My first harvest with Passopisciaro was for the whites on Mt. Etna in 2014, so I love revisiting this wine. We grow Chardonnay on volcanic soil between 820-1,000 meters (that’s 3,300 feet, folks) and go through the vineyards up to 20 times over the 2-3 week harvest period, through densely planted vines. It’s a fussy, even neurotic, approach to getting every bunch at its optimal moment of ripeness (read more here), but it makes for damn good wine. Texturally complex with its creaminess and minerality interacting, bright acidity, and at the moment singing with its rich fruit. It was perfect on yesterday’s first real spring day in New York.
One year ago today, I got on a plane to Italy without a job and no clue what the future had in store. My life since that moment has changed in a hundred ways, both large and small. The past year has been exhilarating, challenging, painful, rewarding, immensely draining, utterly uplifting. In short, it’s been the best year of my life. I am ever grateful for the support of my wonderful friends and family for encouraging me to take a leap of faith, for putting up with me (and for putting me up), for being my anchors when I felt adrift, and for helping me along the journey to realize a dream.
Last May, my mother, brother, and I hit the road in Sicily to explore the island’s treasure, gastronomic, historic, and otherwise. I spent a good six months planning the trip and have since been asked for my itinerary on several occasions, so I thought I’d share it here.
First stop, Agrigento. Continue reading
Cinghiale. Wild boars. Tuscany is known for them, and in the fall, it’s impossible not to see wild boar ragu across restaurant menus throughout the region. It’s a dish I love, rich with the earthy, gamey meat of the fresh pig.
What I do not love is seeing the cinghiale in the flesh. Up close. Particularly in the middle of hunting season. Continue reading
Arriving at Trinoro was like driving across a moonscape, with the rich, clay-filled earth cracked and churned from the recent wheat harvest. Only after cresting the hill from Sarteano into the Val d’Orcia and winding our way down the gravel road did we begin to pass by plots of land filled with vines. Andrea Franchetti, owner of Tenuta di Trinoro, explained to me that, of his 200 hectares, only a small portion is under vine – he’d planted what land he could to which the grapes would take, the rest dominated by the thick clay or hidden under the growth of the thick forests that surround the property.
After a few days on Etna, I flew north to see my mother in Florence, there with her garden club from Atlanta (it was a long day, with planes, trains, and automobiles in between after I missed the one direct flight from Catania to Florence that day). I arrived hot and sweaty at the Croce di Malta hotel right off the piazza Santa Maria Novella, showered, and hurried to meet mom and her friends at Buca Lapi on the nearby via del Trebbio.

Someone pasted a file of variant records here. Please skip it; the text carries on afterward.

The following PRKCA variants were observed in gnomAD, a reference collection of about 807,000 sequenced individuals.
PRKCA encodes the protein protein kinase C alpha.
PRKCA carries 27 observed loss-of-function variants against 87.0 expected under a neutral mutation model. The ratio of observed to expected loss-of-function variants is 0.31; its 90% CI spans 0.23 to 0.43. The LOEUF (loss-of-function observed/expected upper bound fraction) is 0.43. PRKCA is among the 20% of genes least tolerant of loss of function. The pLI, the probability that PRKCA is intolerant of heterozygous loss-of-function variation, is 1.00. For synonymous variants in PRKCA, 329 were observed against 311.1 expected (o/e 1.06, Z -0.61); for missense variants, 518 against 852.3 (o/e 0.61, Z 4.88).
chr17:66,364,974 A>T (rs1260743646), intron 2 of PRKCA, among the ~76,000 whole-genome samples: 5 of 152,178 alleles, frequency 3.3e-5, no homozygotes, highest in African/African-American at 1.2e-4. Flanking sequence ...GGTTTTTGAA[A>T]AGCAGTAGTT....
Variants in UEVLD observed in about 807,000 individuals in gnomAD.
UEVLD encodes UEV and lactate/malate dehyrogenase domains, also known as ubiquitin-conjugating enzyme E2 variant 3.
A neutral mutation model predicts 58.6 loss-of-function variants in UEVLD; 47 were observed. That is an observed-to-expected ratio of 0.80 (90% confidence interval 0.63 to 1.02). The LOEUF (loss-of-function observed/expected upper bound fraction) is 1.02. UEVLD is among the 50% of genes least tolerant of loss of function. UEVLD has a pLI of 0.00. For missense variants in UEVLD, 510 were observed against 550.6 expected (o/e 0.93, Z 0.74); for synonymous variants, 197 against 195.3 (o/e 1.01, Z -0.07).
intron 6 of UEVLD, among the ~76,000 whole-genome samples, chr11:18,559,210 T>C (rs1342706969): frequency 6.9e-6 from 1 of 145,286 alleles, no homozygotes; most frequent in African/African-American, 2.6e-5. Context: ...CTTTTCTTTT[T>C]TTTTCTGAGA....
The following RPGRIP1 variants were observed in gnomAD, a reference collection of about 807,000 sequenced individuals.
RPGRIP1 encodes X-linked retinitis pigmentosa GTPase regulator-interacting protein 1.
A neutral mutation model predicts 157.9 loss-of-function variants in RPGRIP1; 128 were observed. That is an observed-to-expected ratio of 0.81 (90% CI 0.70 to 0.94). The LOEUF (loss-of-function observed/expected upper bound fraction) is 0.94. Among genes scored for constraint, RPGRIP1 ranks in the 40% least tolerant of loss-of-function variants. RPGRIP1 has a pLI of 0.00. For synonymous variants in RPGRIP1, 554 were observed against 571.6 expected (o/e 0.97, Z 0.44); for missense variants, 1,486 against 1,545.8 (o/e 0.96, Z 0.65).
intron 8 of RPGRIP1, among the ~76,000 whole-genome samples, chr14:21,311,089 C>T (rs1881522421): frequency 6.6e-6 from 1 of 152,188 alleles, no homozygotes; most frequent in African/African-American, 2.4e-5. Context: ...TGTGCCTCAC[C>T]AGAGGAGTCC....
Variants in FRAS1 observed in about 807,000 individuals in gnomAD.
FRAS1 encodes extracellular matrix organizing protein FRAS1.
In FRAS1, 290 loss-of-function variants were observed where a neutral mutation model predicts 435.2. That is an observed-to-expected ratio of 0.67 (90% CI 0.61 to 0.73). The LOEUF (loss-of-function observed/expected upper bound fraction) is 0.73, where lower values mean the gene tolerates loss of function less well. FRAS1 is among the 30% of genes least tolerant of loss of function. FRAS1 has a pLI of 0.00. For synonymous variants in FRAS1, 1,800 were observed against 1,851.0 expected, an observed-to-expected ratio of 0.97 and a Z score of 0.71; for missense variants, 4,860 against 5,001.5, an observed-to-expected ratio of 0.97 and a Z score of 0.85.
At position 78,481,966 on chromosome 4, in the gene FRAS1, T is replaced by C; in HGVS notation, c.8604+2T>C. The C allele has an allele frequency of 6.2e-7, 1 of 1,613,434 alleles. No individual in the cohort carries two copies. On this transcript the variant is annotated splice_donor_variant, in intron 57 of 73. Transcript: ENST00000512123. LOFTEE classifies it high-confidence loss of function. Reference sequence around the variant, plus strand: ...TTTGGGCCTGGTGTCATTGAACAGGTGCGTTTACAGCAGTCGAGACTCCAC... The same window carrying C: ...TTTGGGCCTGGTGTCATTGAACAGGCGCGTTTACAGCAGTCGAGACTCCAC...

I spent my first few days in Italy down on Mt. Etna, observing the harvest at Passopisciaro. Andrea Franchetti, its owner, showed me how the color of the leaves and slope of the hills could allow him to predict what would be ready first – the vines with yellowed leaves were already bare, the sugars directed to the grapes on the areas where the soil wasn’t as rich (the deeper the green, the later the ripening goes his approach); and where there were depressions in the vineyard, however slight, those grapes too were still left to ripen, while the edges of the rows on higher ground were already plucked. We tasted from plant after plant, and for the first time I could really understand how much a single vine could vary from its neighbor. Some were just on the cusp of ripeness, with sweet juices bursting in my mouth and the seeds easily falling apart, where as others still maintained a tart, green edge.
It had been a long day in the car – my mother driving, me navigating, and my long-legged brother in the back seat trying not to get car sick – as we drove up from Agrigento in the southwest, through Enna and Piazza Armerina, home to the lovely and well-preserved Roman mosaics at the Villa Romana del Casale. With Mt. Etna’s peak long looming in the distance, we were happy to finally have arrive on the lower slopes of the volcano. Just past the tight, black stone-cobbled streets of Santa Venerina, we stumbled upon the road sign leading the way to our destination, the hotel Monaci delle Terre Nere.
Living with a white wine drinker, I have a whole collection of red wines I never drink. They’re usually too heavy, dense, or “meaty” as he likes to say. But on a recent date night to New York’s Maialino, I thought I’d make a push for something we might both enjoy, given the chill in the air. I gave sommelier Erik Lombardo my challenge: help us find a light-bodied, acid-driven red that even a white wine drinker could love. He came back with a grape I’d never heard of—Rossesse from Liguria, the thin-strip of land in northwestern Italy that hugs the Ligurian sea and best known for playing host to Genoa, the capital city for pesto-lovers everywhere. Lombardo described the wine as having a briny acidity, and I was immediately intrigued. Continue reading
A beautiful, rich, salmon-colored wine, the Conti di Buscareto Rosé is made from the Lacrima di Morro d’Alba grape in Italy’s Marche region, an ancient varietal rarely seen from outside of this region. Its name comes from its shape, which is reminiscent of a tear. Continue reading